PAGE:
By Jonathan Hatchman, Food Editor, @TLE_Food
If some sort of culinary prohibition were introduced, limiting each national cuisine to be served only within its own motherland and thus forbidding any nation to serve even the slightest morsel of foreign food – would you choose to stay in Britain? It’s a question I’m asked surprisingly often, and my answer always ventures along the lines of applying for an ID card and boarding the first one way 12-hour flight to Tokyo. Yes, I’d miss a number of succinctly British dishes, American comfort staples, French decadence, and so on – but there’s something about Japanese cooking, or often lack of cooking, that’s always excited me.
My earliest memories of Japanese cuisine span back to sushi restaurants that entice customers with a conveyor belt stacked with artfully presented, masterfully skilled dishes, like a super-supermarket of sorts, albeit without the presence of an aggressive robot that demands for items to be placed into the bagging area. There is, nonetheless, far more to Japanese food than a hypnotic train of raw fish and rice that’s so exciting: the sharp precision and attention to detail, the encouraged use of chop sticks, fresh, raw fish that tastes far superior to anything cooked, brackish soy sauce and citrusy ponzu, glutinous rice, lightly battered tempura vegetables, hearty bowls of broth-soaked noodles, and some of the finest whisky and beef known to man – all of which is just the tip of the iceberg. And with so many high-end Japanese restaurants constantly opening their doors across the capital, it comes as no surprise that the number of Michelin starred Japanese restaurants in the world has overtaken France and their numerous temples of haute gastronomy.
Having opened towards the end of last year, Tokimeite on Mayfair’s Conduit Street is the second London venture, and latest opening from Japanese Chef Yoshihiro Murata – with three restaurants in Japan that boast a collective 7 Michelin stars. Set across three floors the space’s typically high-end Japanese restaurant interiors were devised by acclaimed designer Yasumichi Morita, with each of the floors’ décor “inspired by the traditions of Japanese crafts and festivals.” Upon a recent lunch visit, we found ourselves seated on the fire-inspired ground floor, perched at the counter-cum-open kitchen as is growing particularly fashionable. Japanese restaurant counter dining is often the most exciting, by far, alas on this occasion, the kitchen was surprisingly quiet during our mid-week lunch visit, and the only live cooking displays were in preparing our own ordered dishes, none of which appeared to have been compiled with any particular theatre.
Tempura Moriawase – a selection of lightly battered and deep-fried vegetables and a few prawns arrived towered like the arches of Notre Dame. Although looking magnificent with various shades of green and pink slightly permeating the rich golden batter, everything on the plate tasted exactly like the oil it had just been fried in, and nothing more. A bowl of steak tartare was better, made using Japanese Wagyu beef – a type of cattle fed on rice and beer, and gently massaged. The end result is beef that’s texture is second to none, as is the price – especially for Wagyu straight from the source – juxtaposed to the still expensive Welsh-bred Wagyu. While the meat’s to-die-for texture is often lost within the mincer, this hand chopped pile of raw steak was combined with tiny chunks of cucumber to add some freshness and scattered with a bed of chopped chives, all atop a bed of wasabi and yuzu sesame sauce.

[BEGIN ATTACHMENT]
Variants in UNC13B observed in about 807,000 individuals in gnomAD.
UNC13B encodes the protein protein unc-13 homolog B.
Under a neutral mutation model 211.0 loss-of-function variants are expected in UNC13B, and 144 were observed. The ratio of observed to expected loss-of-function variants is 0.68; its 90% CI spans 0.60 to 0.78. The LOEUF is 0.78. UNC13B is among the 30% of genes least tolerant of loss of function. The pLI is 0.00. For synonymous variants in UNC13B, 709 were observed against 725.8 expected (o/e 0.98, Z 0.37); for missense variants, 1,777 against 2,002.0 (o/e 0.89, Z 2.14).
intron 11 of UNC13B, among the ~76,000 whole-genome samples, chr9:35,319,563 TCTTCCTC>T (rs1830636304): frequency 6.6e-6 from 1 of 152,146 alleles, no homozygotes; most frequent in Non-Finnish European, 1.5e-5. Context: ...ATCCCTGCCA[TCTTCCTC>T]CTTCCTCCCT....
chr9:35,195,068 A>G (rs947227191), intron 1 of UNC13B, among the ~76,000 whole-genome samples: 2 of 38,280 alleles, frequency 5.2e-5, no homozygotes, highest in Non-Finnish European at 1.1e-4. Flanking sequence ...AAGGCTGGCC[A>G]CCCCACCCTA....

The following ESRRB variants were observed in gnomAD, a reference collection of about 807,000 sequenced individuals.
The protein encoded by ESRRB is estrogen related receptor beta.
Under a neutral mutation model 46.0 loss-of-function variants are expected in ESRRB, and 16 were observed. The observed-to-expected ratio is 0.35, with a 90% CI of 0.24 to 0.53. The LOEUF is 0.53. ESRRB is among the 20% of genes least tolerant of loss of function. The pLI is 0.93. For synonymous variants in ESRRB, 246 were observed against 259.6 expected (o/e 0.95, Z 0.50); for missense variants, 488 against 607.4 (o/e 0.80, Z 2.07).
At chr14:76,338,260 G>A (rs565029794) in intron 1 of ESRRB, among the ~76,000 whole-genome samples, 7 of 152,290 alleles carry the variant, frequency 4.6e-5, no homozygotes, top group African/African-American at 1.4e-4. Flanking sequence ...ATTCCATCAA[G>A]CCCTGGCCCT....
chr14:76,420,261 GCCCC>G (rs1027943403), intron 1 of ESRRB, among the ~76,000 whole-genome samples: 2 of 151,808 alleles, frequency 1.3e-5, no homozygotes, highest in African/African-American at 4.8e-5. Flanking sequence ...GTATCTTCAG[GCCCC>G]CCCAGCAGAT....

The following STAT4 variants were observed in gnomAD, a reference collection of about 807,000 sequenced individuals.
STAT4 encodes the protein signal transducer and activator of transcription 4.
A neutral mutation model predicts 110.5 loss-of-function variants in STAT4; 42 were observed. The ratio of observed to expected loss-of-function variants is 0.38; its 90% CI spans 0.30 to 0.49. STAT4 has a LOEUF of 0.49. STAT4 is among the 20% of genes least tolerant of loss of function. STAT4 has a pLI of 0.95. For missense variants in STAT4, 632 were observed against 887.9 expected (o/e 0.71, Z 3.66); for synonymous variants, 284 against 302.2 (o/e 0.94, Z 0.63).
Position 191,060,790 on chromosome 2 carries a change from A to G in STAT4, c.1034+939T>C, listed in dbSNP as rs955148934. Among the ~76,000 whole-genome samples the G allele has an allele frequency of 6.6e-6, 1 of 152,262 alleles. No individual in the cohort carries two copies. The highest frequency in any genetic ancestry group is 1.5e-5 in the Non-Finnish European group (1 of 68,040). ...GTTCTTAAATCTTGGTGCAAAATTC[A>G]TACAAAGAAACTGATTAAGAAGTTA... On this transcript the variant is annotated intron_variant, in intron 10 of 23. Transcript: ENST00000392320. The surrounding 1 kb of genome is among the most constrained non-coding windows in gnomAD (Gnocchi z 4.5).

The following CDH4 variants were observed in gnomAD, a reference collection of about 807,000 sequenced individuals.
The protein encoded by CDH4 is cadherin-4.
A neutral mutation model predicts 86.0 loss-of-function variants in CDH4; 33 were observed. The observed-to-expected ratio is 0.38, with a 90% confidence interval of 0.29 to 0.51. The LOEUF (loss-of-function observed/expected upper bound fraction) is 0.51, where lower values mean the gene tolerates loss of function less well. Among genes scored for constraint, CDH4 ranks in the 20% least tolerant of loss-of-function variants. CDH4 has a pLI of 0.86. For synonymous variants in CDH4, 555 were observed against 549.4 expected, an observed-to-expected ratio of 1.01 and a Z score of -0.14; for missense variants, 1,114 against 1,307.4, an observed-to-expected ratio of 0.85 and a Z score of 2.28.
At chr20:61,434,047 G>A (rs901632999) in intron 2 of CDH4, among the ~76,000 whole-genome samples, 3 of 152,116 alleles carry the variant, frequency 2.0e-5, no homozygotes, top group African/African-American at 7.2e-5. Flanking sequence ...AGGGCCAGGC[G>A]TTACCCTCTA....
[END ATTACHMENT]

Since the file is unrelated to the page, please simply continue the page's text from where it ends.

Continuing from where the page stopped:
For the mains we both opted for creatures from the sea, as is what Japan are most traditionally famed for, although the sheer amount of steak on the menu would suggest otherwise. Both dishes worked in delicious harmony with a bottle of light Italian Barbera, a wine that, although one of my companion’s favourites, the sommelier quite peculiarly fought to divert our attention from. Albeit more traditional as a first course initiation, I opted for a platter of fresh, clean sashimi, arriving as a vessel overflowing with 10 (five varieties) perfectly sliced slivers of raw fish. While the dish doesn’t particularly require a huge depth of cooking skill, a mountainous heap of crushed ice disappointingly kept the fish from being eaten at the desired body temperature, compared to fridge (or freezer) cold. A more suitable main course, my companion opted for the Chilean sea bass – a stage name for Patagonian Toothfish, which has become remarkably overfished and is thus in grave danger of full disappearance from the sea. A thick tranche of fish was cooked very well, indeed, yet the overall dish was under seasoned and unexceptional, delivering less amazement than the price in excess of £30 implied. Not usually one for desserts, I took the chef’s recommendation of green tea panna cotta, artistically prepared right before our eyes, served in a dish with a lid and intricately topped with all sorts of fresh berries and pretty foliage, blending a hint of green tea bitterness with a pleasant, subtle sweetness.
There’s nothing particularly wrong with Tokimeite: the service is efficient, the elegant yet informal ambience is refreshing, and the food is generally satisfactory. The only real issue is the fact that most dishes ordered fell into the trap of being extravagant on the eye, yet plain and slightly underwhelming on the palate.
Tokimeite can be found at 23 Conduit Street, London, W1S 2XS.